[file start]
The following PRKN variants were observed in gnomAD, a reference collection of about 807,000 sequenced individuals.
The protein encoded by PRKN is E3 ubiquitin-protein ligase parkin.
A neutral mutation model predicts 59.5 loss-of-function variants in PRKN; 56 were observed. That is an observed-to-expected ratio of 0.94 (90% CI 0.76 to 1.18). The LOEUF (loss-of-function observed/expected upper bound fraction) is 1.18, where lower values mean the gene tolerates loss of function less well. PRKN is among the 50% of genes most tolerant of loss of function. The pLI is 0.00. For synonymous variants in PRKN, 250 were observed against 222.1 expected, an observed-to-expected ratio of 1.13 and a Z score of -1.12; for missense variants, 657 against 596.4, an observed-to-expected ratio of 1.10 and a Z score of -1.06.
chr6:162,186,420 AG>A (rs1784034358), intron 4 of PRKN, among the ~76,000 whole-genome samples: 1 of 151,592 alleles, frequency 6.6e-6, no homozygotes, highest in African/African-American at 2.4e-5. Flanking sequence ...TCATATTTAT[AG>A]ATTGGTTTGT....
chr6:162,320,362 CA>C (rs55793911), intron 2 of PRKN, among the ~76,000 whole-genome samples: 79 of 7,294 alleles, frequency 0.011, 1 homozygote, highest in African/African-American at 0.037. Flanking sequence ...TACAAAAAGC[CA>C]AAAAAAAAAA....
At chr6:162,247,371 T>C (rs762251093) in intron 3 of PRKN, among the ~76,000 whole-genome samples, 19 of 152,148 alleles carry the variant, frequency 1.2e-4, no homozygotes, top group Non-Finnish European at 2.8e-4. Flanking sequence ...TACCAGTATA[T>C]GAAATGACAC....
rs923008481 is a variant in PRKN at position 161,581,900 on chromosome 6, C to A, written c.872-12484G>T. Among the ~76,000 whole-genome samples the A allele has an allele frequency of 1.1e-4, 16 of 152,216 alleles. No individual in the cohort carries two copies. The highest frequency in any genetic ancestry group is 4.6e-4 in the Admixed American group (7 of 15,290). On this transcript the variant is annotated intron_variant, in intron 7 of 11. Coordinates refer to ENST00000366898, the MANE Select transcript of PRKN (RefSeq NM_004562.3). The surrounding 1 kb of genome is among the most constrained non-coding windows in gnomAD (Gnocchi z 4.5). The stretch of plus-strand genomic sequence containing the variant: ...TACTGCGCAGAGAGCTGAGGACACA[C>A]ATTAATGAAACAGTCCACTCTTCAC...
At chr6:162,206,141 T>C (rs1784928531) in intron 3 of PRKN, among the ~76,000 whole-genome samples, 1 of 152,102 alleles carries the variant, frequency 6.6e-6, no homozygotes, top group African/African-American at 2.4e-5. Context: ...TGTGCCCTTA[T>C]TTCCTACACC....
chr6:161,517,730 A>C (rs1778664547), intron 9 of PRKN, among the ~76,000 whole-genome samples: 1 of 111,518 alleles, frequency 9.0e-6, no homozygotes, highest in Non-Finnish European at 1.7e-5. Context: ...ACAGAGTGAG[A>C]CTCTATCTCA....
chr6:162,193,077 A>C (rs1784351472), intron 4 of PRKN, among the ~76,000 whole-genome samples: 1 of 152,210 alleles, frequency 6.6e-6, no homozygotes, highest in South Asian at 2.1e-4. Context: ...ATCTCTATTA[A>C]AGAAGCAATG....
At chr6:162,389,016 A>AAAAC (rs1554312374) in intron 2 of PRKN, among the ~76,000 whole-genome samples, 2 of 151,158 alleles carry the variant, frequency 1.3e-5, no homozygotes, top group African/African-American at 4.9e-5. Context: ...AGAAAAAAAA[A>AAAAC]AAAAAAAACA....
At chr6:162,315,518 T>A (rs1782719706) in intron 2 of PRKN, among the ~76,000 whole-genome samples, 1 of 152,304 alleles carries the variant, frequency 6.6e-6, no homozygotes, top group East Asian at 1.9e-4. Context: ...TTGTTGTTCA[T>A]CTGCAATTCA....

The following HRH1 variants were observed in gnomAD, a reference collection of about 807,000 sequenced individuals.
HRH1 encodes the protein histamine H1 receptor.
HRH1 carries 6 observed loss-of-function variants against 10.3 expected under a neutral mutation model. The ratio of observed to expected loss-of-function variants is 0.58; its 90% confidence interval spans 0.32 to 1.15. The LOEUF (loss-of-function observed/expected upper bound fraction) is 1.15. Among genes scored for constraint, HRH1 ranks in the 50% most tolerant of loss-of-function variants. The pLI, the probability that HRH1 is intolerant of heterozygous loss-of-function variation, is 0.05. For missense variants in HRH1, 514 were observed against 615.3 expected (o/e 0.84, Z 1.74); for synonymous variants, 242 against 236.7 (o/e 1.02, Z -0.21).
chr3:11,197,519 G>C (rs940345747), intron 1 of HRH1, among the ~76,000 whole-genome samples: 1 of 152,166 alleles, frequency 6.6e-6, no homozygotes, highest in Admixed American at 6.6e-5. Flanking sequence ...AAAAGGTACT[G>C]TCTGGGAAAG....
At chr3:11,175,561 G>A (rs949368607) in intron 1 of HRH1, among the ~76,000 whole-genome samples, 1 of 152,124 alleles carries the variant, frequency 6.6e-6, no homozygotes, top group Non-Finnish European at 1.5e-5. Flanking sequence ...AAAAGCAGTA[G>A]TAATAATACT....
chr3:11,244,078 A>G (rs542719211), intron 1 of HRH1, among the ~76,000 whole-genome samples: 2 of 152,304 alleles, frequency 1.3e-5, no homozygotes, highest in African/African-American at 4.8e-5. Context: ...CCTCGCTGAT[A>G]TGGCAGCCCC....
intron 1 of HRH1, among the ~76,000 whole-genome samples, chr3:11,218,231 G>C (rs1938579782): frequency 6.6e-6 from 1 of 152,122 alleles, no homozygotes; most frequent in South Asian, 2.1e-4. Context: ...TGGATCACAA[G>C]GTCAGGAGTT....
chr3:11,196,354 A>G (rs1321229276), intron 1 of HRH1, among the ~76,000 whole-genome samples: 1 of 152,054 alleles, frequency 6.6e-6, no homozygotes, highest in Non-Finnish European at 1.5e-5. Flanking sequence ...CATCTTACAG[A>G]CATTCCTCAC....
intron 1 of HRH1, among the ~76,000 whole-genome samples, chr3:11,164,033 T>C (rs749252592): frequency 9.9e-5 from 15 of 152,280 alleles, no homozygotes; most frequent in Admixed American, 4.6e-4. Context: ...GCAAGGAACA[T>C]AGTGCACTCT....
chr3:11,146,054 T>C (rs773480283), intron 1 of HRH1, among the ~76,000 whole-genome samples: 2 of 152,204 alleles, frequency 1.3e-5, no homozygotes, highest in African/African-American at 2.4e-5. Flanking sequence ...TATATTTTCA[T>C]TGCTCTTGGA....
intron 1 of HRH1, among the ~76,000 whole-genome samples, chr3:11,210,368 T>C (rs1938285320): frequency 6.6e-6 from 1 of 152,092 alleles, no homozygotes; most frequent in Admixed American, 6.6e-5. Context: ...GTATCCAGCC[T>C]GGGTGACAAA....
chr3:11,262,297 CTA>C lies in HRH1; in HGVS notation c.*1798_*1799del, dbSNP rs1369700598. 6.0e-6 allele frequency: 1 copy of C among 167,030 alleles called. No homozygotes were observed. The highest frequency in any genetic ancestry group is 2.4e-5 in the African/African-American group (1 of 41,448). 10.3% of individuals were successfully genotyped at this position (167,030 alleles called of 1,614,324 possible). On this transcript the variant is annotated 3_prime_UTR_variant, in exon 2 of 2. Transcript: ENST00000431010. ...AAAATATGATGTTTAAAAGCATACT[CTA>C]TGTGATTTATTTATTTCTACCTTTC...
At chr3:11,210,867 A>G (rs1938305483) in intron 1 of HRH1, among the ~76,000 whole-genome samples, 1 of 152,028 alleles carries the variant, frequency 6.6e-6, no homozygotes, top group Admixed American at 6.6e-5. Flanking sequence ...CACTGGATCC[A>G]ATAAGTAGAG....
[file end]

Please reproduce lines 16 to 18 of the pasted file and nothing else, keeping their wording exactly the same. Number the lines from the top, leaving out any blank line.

chr3:11,197,519 G>C (rs940345747), intron 1 of HRH1, among the ~76,000 whole-genome samples: 1 of 152,166 alleles, frequency 6.6e-6, no homozygotes, highest in Admixed American at 6.6e-5. Flanking sequence ...AAAAGGTACT[G>C]TCTGGGAAAG....
At chr3:11,175,561 G>A (rs949368607) in intron 1 of HRH1, among the ~76,000 whole-genome samples, 1 of 152,124 alleles carries the variant, frequency 6.6e-6, no homozygotes, top group Non-Finnish European at 1.5e-5. Flanking sequence ...AAAAGCAGTA[G>A]TAATAATACT....
chr3:11,244,078 A>G (rs542719211), intron 1 of HRH1, among the ~76,000 whole-genome samples: 2 of 152,304 alleles, frequency 1.3e-5, no homozygotes, highest in African/African-American at 4.8e-5. Context: ...CCTCGCTGAT[A>G]TGGCAGCCCC....